How Do The Tigers Pick Up The Pieces?

No team is perfect. No season is, either. Losing streaks happen. I understand. That isn’t the point about the Tigers right now. Failure, the real kind, hasn’t been part of their equation this season. But then again, isn’t that what made getting swept by the Indians this weekend painful? This was a test, the Tigers first real one of the season. In front of sellout crowds at Comerica Park, they came up woefully short. Most of the reason was the bullpen. Close games and they weren’t able to hold in there. But they had other chances. They didn’t deliver in the clutch at the plate on those chances. The Indians made more of their opportunities. It was that simple. The season is still young. We’ll see about the Tribe. The thought they are this season’s version of the Tigers of 2006 is still a stretch. They lack range and are weak behind the plate defensively. Their bullpen is suspect. I still think the Tigers are a better team. But I do think the Tigers must remember what got them turned around. To me, it was last spring when Jim Leyland decided the best fit was the talent of Justin Verlander and Joel Zumaya. Keeping them to start the season was a catalyst for the Tigers. I would like to see the Tigers do more of that this year by giving chances to some of their pitching prospects in the minor leagues. Dallas Trahern, Eulogio de la Cruz and Jair Jurrjens have all pitched well. They have been in the Tigers system for a few years. It doesn’t matter if they are starting, they have ability and it should be tested in the major leagues, even as relievers. I’d hate to see the Tigers become one of those teams, because they are contending, that relies too much on veteran players just because they have experience. Their mix between younger and older players is good. They shouldn’t be afraid to trust their minor league system. They should embrace it. The sooner, the better.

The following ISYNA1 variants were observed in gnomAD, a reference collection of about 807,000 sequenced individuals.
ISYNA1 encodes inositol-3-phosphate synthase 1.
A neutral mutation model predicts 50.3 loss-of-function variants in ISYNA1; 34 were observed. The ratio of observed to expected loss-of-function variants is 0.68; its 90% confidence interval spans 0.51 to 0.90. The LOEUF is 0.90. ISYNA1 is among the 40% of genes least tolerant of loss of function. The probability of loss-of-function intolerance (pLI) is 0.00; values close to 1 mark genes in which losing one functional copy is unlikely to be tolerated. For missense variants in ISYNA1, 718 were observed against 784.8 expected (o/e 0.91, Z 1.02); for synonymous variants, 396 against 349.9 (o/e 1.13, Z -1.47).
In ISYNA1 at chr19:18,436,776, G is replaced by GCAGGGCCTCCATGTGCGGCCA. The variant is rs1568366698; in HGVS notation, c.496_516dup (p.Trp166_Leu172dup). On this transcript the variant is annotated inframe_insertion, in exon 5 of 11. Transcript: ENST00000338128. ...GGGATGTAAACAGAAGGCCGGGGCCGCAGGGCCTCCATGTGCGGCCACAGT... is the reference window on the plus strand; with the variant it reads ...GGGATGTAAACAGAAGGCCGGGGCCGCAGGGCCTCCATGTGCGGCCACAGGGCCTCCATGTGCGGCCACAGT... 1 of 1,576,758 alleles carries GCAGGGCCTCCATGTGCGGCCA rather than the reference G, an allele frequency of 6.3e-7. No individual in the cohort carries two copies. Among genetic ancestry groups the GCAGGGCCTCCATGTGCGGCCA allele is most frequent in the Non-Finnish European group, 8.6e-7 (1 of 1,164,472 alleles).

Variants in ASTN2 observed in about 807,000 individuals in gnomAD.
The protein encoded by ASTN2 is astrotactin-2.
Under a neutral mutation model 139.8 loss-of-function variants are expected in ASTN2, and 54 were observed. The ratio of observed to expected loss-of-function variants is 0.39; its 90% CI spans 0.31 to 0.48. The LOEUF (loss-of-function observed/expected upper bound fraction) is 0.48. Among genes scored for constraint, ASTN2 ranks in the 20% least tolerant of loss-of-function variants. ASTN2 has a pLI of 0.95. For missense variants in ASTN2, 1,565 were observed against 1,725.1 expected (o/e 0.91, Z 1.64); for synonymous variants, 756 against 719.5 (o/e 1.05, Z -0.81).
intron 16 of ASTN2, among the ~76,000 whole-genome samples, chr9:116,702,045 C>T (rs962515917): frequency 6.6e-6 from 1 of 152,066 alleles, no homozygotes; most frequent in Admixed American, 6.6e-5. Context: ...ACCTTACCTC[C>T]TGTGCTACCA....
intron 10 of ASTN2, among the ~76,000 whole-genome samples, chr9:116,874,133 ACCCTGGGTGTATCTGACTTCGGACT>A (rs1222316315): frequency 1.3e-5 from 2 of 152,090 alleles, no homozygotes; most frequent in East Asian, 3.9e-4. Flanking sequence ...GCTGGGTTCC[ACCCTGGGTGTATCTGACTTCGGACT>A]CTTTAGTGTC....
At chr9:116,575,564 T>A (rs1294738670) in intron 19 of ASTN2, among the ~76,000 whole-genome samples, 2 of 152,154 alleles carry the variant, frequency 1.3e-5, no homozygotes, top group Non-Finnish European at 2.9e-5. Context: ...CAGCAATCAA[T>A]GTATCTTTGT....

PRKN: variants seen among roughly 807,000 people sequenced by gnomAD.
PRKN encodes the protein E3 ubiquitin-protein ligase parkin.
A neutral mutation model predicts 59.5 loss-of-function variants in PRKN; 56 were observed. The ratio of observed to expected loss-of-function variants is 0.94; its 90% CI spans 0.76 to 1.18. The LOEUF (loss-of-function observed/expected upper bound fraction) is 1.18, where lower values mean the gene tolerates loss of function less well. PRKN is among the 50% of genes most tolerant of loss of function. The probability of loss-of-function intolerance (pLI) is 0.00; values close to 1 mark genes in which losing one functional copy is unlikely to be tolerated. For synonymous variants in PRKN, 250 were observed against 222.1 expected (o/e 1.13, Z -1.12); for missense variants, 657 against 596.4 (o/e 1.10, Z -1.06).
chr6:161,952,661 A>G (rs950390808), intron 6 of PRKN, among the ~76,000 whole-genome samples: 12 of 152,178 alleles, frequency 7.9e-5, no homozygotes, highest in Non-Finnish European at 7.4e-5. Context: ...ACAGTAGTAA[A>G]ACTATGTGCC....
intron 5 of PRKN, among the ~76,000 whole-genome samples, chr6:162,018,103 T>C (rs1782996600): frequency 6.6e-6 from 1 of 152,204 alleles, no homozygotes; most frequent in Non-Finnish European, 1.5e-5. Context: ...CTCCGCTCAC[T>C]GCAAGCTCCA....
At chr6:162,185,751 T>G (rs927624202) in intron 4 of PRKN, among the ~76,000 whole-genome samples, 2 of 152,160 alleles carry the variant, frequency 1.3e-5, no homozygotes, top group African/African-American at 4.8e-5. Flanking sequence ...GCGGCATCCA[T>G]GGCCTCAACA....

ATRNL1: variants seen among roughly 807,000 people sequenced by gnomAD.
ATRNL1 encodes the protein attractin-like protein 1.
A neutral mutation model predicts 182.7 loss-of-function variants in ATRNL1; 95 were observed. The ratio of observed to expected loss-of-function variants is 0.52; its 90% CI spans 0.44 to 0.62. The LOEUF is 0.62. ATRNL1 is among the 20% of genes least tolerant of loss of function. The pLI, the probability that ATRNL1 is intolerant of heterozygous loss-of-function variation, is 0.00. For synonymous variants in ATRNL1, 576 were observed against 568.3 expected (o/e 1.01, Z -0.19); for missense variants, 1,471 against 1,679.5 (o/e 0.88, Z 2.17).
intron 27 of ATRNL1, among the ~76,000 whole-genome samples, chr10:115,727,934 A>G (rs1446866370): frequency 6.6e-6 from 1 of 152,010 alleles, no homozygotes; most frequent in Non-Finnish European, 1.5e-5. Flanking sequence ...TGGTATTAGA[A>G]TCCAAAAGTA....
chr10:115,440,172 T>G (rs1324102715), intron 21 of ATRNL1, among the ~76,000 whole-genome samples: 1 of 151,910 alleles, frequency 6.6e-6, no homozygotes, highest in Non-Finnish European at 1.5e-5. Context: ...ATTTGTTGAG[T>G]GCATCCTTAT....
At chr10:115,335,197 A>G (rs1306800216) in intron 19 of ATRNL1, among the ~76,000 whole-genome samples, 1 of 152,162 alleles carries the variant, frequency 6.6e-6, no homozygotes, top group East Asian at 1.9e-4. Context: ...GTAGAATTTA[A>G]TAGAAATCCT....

Random Thoughts

- I like Ottawa in six games in the Stanley Cup Finals. I think the Senators’ snipers, particularly their No. 1 line of Dany Heatley, Jason Spezza and Daniel Alfredsson will expose Anaheim goalie Jean-Sebastien Giguere’s relative lack of agility. He is getting way too much credit for the Ducks’ success. I expect Ray Emery to outplay him in the finals.

- When is there going to be some hatred in the Pistons-Cavaliers series? The series is missing the intensity of the Pistons’ series with Miami and Indiana during the past. And that is especially true compared to the Bad Boys version of the Pistons’ series with the Celtics and Bulls. It is perplexing because the two teams have already played a seven-game series - just last year.

- I haven’t heard any Tiger fans clamoring for Brent Clevlen to be Magglio Ordonez’s personal defensive replacement during the late innings. In fact, I haven’t heard one Tiger fan this season say anything bad about Mags. Gee, wonder why?

Friday, May 25, 2007

Different Style, Same Results

The beauty of baseball is the way each season takes on a life of its own. And that life is always much different than what had been anticipated.